Francis Ngannou vs. Tyson Fury under exhibition rules is a waste of everyone’s time

Eddie Hearn claims Francis Ngannou vs. Tyson Fury is in the works. However, it doesn't sound like it's the fight many of us have been waiting for.

By: Tim Bissell | 3 months ago

Francis Ngannou landed with PFL, and made a huge splash, a few months ago. With that outfit Ngannou secured ‘the bag’ in the form of a lucrative purse agreement, a number of fighter friendly perks (which we are waiting to see him put to good use) and the freedom to pursue boxing without needing to give his MMA masters a kickback.

The UFC’s strategy of locking their MMA fighters into contracts which prevent them from doing anything else without their permission was a major sticking point for Ngannou. The former UFC heavyweight champion’s relationship with the promotion, and its President Dana White, deteriorated over the last few years because Ngannou was unable to explore potentially lucrative match-ups in the boxing ring.

With the UFC out the picture, though, and PFL not wanting to do anything to annoy their new cash cow (who may cost them more than he ever makes them), it seems as though ‘The Predator’ will be throwing hands in the ring sometime soon.

Francis Ngannou vs. Tyson Fury is actually happening?

Eddie Hearn recently revealed that he thinks Francis Ngannou vs. Tyson Fury in the boxing ring is next on the docket for both fighter. It should be noted that, although Hearn is about as connected as someone can be in pro boxing, he does not promote Fury.

Hearn also said that a forthcoming fight between the former UFC heavyweight champ and the ‘Gypsy King’, who currently holds the WBC heavyweight title, would be under exhibition rules.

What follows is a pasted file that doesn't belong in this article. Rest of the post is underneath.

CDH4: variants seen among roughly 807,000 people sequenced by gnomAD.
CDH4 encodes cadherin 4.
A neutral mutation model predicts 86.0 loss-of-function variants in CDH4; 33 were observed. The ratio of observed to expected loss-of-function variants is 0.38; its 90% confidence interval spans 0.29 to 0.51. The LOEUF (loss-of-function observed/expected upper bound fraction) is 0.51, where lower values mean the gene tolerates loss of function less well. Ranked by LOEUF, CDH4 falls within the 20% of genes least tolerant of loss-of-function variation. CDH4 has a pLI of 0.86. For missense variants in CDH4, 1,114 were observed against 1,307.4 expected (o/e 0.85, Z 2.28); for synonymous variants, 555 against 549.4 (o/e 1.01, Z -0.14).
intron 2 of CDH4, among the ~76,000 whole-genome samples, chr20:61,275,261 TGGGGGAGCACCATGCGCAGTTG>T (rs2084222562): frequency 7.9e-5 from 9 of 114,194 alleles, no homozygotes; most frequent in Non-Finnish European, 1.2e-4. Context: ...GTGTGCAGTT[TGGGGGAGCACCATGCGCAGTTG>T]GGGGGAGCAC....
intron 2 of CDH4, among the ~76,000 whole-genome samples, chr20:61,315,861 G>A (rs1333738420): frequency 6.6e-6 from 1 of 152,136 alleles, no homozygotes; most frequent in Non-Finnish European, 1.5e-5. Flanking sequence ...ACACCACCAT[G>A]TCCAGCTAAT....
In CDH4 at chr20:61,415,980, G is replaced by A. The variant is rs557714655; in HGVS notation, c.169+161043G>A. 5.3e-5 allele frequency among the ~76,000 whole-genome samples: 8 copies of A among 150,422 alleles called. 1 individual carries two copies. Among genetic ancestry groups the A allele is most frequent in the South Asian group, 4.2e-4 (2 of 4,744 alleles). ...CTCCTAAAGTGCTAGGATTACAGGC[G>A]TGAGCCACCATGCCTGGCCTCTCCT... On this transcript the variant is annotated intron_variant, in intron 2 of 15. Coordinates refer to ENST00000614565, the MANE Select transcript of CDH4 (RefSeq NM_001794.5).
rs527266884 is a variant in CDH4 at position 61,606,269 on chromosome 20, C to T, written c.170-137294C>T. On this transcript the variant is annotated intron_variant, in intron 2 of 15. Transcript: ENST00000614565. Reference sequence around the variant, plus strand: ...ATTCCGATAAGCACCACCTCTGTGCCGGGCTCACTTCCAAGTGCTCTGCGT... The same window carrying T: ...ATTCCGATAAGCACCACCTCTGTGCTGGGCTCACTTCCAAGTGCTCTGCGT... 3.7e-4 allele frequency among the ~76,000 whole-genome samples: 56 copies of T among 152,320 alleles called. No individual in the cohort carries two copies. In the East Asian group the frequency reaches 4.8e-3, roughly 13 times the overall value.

Womp womp womp.

If what Hearn suggests is true, we could be on the verge of seeing two of the best and most interesting heavyweight fighters on the planet going into business on a PPV hard sparring session.

We’ve seen knockouts in these kind of set ups, before — just see what Floyd Mayweather Jr. has done each time he’s gone to Japan. However, those wins, while cool, I guess, mean nothing.

Wasted opportunity

The opportunity that has been presented with Ngannou’s liberation from the UFC is about to be lost, if he and Fury (who have been jawing at each other for years) fight under exhibition rules.

I don’t think Ngannou stands any chance of beating Fury. Despite being a very questionable character, who has underworld associations that I’ve covered at length, Fury remains one of the greatest heavyweight boxers to ever step in the ring. And though past his prime, he’s still over-matched against anyone who doesn’t have a lengthy pro record under their belt.

Even if it’s a squash match, it would have been a compelling one if produced with all the trappings of a pro heavyweight bout. If McGregor vs. Mayweather could have the legit treatment, why can’t Ngannou vs. Fury?

The MMA vs. Boxing storyline is tired and frustrating, but when a spectacle like this has an actual chance of happening, you need to make it as big as it can be. Without actual competition acting as a veneer of legitimacy, an Ngannou vs. Fury exhibition bout will fail to be recognized as anything other than a side show attraction.

Also, for Ngannou, this is the worst possible fight he could take right now. Fast forward to a year and imagine what else there is for him to do, other than crush cans in PFL, if his first foray into boxing is a boring ‘fought to no decision’ bout, where he spent eight rounds chasing, missing and being touched up by a grinning Fury who barely breaks a sweat.

Make it pro or leave it alone. And, if you want my advice Francis, take a pro fight against someone we’ve never heard of first. Show us you’re the baddest man out there with a couple of KOs with ten ounce gloves and then give us a tent pole event against a Fury, Joshua or Wilder.

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About the author
Tim Bissell
Tim Bissell

Tim Bissell is a writer, editor and deputy site manager for Bloody Elbow. He has covered combat sports since 2015. Tim covers news and events and has also written longform and investigative pieces. Among Tim's specialties are the intersections between crime and combat sports. Tim has also covered head trauma, concussions and CTE in great detail.

Tim is also BE's lead (only) sumo reporter. He blogs about that sport here and on his own substack, Sumo Stomp!

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